I know that I was nominated by at least Chris Pifer, Samantha Shain, Paul Ginsberg, and Cassie Supilowski. I appreciate their support, and also everything they have taught me over time. They are an august group. Two are Rock Star Admins and two are existing MVPs (three now, as Sam is also in the 2023 MVP class). It is my a privileged to know, work with, and learn from all of them.
I got here with community support
The Salesforce MVPs are a group of people who are recognized within the Salesforce community as leaders and contributors. It’s a group of people who, in addition to our day-to-day work, also support other people’s work and learning.
Sam, Cassie, and I are all leaders the Commons’ Data Generation Toolkit project. Chris has been a friend and colleague nearly my entire adult life – we often remark that we’ve had about every possible professional relationship. I met Paul planning Nonprofit Dreamin’ a couple years ago and we continue to talk regularly about life, Salesforce, and nonprofit (in no particular order). In other posts I have talked about the influence mentors had on my work.
Looking forward to more
Being a Salesforce MVP gives me access to tools, events, information, and opportunities that are new to me. It also comes with the expectation of continuing contributions to the community.
The good news for me is that I generally like contributing and supporting others. I am looking forward to continuing to advancing my personal projects, contribute to Data Gen Toolkit, presenting at events, and generally helping other succeed.
If your group needs a speaker reach out and let me know. I love to talk about Salesforce, data, the web, career paths, and just about anything you find me writing about here.
For a little over two years I’ve had the privilege of helping lead the Data Generation Toolkit Project for Salesforce. In general, Open Source projects are not known for their inclusive and supportive communities. I believe it is fair to say our project demonstrates that building a supportive community can yield great results.
Started by a question I wrote on a piece of paper in 2019 and posted to a wall, the project grows more every time I look around. That first meeting inspired the creation of Snowfakery and the recent training for Snowfakery has attracted more than 300 registrants. Contributors created documentation and presentations to help Salesforce admins learn to seed sandboxes. We are building a recipe library to help people starting out on Snowfakery. We launched two faker data providers. This year we reviewing and documenting other tools to generate and move Salesforce data.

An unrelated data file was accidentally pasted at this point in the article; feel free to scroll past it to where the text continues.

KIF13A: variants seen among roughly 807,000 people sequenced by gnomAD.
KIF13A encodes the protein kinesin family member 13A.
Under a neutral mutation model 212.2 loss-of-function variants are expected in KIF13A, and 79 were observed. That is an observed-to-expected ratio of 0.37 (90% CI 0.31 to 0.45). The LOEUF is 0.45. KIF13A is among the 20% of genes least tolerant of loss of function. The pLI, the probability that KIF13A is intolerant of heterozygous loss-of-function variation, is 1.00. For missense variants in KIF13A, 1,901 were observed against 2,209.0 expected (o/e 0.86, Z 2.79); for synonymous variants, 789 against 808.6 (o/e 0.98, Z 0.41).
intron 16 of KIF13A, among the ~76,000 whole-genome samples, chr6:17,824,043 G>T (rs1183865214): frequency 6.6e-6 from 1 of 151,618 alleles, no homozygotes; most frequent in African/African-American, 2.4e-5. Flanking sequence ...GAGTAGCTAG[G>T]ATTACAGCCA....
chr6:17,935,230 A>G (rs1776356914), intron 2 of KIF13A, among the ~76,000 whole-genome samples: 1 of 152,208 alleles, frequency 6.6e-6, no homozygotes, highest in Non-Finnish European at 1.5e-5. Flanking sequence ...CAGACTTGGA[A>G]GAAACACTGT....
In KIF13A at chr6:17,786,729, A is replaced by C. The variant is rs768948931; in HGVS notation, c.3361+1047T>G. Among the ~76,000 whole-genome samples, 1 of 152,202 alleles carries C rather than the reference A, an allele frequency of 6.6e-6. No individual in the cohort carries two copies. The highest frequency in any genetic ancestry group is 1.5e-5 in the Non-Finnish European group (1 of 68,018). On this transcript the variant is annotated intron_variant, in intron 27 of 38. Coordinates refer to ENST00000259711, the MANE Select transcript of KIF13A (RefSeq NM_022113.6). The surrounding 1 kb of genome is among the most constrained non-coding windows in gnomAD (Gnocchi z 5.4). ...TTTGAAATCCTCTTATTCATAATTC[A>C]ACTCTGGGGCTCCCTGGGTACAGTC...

More importantly we’ve built a project that is useful to the community, and supports new contributors to open source projects.
We did not get here accidentally. The project leadership wants to support the community members as much as create new tools. From the beginning we chose to encourage people unfamiliar with open source projects, contributions, and technologies.
Leading an Supportive Open Source Project
To be a supportive project starts with the leaders.
The project currently has seven identified leaders: Alisa Edwards, Allison Letts, Jung Mun, Paul Prescod, Samantha Shain, Cassie Supilowski, and myself. For those who like diversity statistics: that can be seen as 5 women, 2 men, 3 countries of residence, 3 counties of origin (not the same 3), 3 developers, 4 Salesforce admins, and at least 3 racial identities. No sub-group perfectly reflects its community, but that’s not a bad start in my opinion.
We have agreed that some of us lead specific sub-projects, while others tend to the health of the community. Everyone has a role.
When we started out with just 4 leaders either Paul (as creator and maintainer of Snowfakery) or I (as the person who started the project) could have dominated the project claiming founder status. Certainly men leading other open source projects have used that status to control the project direction. But Salesforce Open Source Commons projects are designed to discourage that behavior, and Paul and I embraced that design. Cori O’Brien created a wonderful space for our project to grow within.
Any open source project should focus on supporting its users. Our goal as a project is to support the Salesforce community – particularly nonprofit and education users. To do that we need the insights that only come from being open to outside ideas.
Our project’s leadership also established a pattern of self-review and reflection. Each year we will gather to discuss if the leadership group is the right size, and if anyone needs to step down. That creates a space for us to routinely reflect on what we’re doing and if we’re doing it well. The invitation to leave frees people from responsibilities they have to the project without frustration or burn out.
Recipes for Open Source Projects
Beyond our leadership team structure we also are intentional about how we encourage all contributors.
The project as a whole has space for all kinds of contributions. If someone wants to write documentation we will support them. When someone wants to learn to write recipes, we will work in pairs to get through the first one. People who want to write Python code for our faker providers get the chance to do that too.
We try to be kind to all contributors. We thank everyone when they open pull-requests or issues. Even I get thanked when I open a PR. Even if someone needs to make significant changes to a contribution before we commit it, we make sure to praise their effort.
These aren’t shit sandwiches. We genuinely appreciate all contributions and divorce that from any corrections that we request. As a long time open source contributor I am surprised at how much I appreciate the messages.
Maintaining Supportive Discussion Channels